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How do students write in engineering and the humanities?: Intertextuality and metadiscourse in undergraduate dissertations written in Spanish

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<mark>Journal publication date</mark>31/03/2022
<mark>Journal</mark>Círculo de Lingüística Aplicada a la Comunicación
Number of pages12
Pages (from-to)35-46
Publication StatusPublished
<mark>Original language</mark>English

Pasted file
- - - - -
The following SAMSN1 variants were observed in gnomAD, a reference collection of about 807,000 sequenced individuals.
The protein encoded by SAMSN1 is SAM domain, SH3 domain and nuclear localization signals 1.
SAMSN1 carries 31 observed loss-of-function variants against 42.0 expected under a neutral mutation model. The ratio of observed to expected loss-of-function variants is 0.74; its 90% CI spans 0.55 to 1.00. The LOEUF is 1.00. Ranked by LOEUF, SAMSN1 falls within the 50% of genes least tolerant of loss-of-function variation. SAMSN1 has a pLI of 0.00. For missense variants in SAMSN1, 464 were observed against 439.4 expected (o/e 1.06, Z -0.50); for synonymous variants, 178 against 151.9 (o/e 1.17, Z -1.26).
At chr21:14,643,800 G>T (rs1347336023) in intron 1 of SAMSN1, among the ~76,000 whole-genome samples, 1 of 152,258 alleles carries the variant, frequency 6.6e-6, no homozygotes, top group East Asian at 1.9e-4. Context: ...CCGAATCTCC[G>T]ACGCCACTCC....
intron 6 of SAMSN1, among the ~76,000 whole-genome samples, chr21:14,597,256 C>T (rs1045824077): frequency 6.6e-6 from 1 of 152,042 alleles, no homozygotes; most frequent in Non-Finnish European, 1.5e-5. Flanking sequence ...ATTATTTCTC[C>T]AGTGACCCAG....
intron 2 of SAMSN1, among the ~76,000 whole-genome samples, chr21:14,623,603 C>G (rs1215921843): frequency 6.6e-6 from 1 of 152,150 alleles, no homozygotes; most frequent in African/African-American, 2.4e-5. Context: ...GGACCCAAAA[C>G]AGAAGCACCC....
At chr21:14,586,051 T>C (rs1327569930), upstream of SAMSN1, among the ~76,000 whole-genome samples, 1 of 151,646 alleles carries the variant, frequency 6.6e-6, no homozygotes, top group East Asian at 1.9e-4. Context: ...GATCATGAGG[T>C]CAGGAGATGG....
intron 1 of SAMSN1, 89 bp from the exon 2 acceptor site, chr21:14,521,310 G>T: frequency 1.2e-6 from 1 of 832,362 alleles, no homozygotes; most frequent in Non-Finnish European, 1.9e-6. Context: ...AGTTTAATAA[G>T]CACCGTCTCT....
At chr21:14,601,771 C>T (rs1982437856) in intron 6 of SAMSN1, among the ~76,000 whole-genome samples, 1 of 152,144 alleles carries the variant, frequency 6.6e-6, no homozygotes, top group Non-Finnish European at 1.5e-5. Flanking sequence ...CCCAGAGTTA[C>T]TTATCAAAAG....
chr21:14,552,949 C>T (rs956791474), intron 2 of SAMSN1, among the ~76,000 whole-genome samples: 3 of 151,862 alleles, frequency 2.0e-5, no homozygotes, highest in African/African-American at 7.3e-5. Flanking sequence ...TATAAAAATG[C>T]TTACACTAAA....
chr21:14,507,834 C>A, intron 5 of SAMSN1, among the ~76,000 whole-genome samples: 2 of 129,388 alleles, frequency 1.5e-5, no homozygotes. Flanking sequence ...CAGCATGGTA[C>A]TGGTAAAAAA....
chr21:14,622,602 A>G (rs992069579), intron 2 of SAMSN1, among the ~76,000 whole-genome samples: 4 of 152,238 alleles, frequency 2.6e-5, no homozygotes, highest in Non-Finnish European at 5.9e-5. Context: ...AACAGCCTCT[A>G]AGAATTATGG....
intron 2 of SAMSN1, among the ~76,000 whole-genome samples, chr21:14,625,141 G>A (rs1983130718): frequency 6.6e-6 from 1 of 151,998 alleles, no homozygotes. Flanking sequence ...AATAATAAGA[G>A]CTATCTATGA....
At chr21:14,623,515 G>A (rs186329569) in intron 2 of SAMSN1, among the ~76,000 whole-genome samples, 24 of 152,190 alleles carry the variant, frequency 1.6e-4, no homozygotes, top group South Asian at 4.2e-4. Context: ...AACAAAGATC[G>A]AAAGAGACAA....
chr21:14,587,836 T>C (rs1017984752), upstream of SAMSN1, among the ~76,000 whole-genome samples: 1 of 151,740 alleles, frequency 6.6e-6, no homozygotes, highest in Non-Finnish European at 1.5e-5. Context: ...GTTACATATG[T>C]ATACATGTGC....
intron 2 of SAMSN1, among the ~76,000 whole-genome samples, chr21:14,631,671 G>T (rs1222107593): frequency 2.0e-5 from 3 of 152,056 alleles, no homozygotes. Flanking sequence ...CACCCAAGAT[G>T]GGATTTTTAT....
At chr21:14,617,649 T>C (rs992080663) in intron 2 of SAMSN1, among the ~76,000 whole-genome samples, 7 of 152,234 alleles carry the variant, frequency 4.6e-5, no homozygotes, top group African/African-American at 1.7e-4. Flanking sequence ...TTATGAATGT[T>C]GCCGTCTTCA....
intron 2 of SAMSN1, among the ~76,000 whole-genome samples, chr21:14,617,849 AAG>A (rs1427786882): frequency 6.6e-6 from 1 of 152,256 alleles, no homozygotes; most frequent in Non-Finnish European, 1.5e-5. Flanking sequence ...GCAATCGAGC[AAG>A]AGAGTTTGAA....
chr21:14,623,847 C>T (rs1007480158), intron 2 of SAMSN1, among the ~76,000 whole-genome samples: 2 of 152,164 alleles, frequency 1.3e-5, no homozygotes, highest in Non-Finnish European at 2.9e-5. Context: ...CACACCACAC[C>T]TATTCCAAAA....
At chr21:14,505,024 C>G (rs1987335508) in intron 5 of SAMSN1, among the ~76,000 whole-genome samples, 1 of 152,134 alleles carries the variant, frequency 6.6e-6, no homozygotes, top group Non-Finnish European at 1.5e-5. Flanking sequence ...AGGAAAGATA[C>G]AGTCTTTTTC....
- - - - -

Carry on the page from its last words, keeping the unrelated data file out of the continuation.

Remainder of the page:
This article aims to contrast metadiscourse and intertextuality in 40 undergraduate dissertations written in Spanish in engineering and the humanities at a Chilean university. Results show that guidance on dissertations’ goals and stages is common across disciplines, especially in introductions, although engineering signals goals more often. All students graduate statements, especially in conclusions, but the frequency of graduation doubles in the humanities. Humanities students prefer hedging over boosting, while boosting is more common in engineering. Self-mentions, especially plural authorial, are frequent in the humanities but do not occur in engineering. Citations are five times more frequent and usually integral in the humanities, while engineering only uses non-integral citations. Indirect speech predominates across disciplines, but direct and mixed speech are also relatively common in the humanities. This study can help to understand undergraduate students’ authorial voices written in Spanish, depict discipline-specific writing choices, and supply data for writing instruction initiatives.